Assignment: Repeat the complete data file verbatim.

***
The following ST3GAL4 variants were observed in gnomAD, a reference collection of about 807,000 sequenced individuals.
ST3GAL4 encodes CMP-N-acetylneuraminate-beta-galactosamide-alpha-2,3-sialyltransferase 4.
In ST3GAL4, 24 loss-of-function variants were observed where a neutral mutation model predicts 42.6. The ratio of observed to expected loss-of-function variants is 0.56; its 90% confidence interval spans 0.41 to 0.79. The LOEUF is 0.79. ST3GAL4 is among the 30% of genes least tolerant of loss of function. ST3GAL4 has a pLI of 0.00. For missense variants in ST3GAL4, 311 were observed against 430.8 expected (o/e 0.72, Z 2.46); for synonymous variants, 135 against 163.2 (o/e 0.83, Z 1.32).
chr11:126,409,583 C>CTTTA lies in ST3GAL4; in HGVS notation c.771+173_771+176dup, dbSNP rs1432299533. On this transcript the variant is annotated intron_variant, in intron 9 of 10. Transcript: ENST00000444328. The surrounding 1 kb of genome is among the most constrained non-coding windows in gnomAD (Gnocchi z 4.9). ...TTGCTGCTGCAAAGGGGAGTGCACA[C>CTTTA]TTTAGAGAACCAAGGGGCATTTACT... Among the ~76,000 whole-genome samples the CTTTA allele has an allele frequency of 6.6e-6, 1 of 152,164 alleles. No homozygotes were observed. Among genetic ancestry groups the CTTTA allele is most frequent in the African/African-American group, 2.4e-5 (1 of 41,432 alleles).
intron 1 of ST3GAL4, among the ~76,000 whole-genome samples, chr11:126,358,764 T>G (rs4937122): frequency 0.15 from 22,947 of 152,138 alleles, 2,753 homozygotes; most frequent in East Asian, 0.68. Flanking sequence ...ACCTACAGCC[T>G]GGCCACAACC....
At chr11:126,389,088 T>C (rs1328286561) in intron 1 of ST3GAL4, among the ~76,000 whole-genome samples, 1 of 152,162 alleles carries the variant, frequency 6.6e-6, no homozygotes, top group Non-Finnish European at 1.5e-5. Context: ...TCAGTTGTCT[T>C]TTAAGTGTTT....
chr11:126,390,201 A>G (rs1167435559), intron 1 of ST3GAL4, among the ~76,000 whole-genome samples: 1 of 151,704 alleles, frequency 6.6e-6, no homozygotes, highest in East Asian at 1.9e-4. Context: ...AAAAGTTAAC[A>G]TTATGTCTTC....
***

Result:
The following ST3GAL4 variants were observed in gnomAD, a reference collection of about 807,000 sequenced individuals.
ST3GAL4 encodes CMP-N-acetylneuraminate-beta-galactosamide-alpha-2,3-sialyltransferase 4.
In ST3GAL4, 24 loss-of-function variants were observed where a neutral mutation model predicts 42.6. The ratio of observed to expected loss-of-function variants is 0.56; its 90% confidence interval spans 0.41 to 0.79. The LOEUF is 0.79. ST3GAL4 is among the 30% of genes least tolerant of loss of function. ST3GAL4 has a pLI of 0.00. For missense variants in ST3GAL4, 311 were observed against 430.8 expected (o/e 0.72, Z 2.46); for synonymous variants, 135 against 163.2 (o/e 0.83, Z 1.32).
chr11:126,409,583 C>CTTTA lies in ST3GAL4; in HGVS notation c.771+173_771+176dup, dbSNP rs1432299533. On this transcript the variant is annotated intron_variant, in intron 9 of 10. Transcript: ENST00000444328. The surrounding 1 kb of genome is among the most constrained non-coding windows in gnomAD (Gnocchi z 4.9). ...TTGCTGCTGCAAAGGGGAGTGCACA[C>CTTTA]TTTAGAGAACCAAGGGGCATTTACT... Among the ~76,000 whole-genome samples the CTTTA allele has an allele frequency of 6.6e-6, 1 of 152,164 alleles. No homozygotes were observed. Among genetic ancestry groups the CTTTA allele is most frequent in the African/African-American group, 2.4e-5 (1 of 41,432 alleles).
intron 1 of ST3GAL4, among the ~76,000 whole-genome samples, chr11:126,358,764 T>G (rs4937122): frequency 0.15 from 22,947 of 152,138 alleles, 2,753 homozygotes; most frequent in East Asian, 0.68. Flanking sequence ...ACCTACAGCC[T>G]GGCCACAACC....
At chr11:126,389,088 T>C (rs1328286561) in intron 1 of ST3GAL4, among the ~76,000 whole-genome samples, 1 of 152,162 alleles carries the variant, frequency 6.6e-6, no homozygotes, top group Non-Finnish European at 1.5e-5. Context: ...TCAGTTGTCT[T>C]TTAAGTGTTT....
chr11:126,390,201 A>G (rs1167435559), intron 1 of ST3GAL4, among the ~76,000 whole-genome samples: 1 of 151,704 alleles, frequency 6.6e-6, no homozygotes, highest in East Asian at 1.9e-4. Context: ...AAAAGTTAAC[A>G]TTATGTCTTC....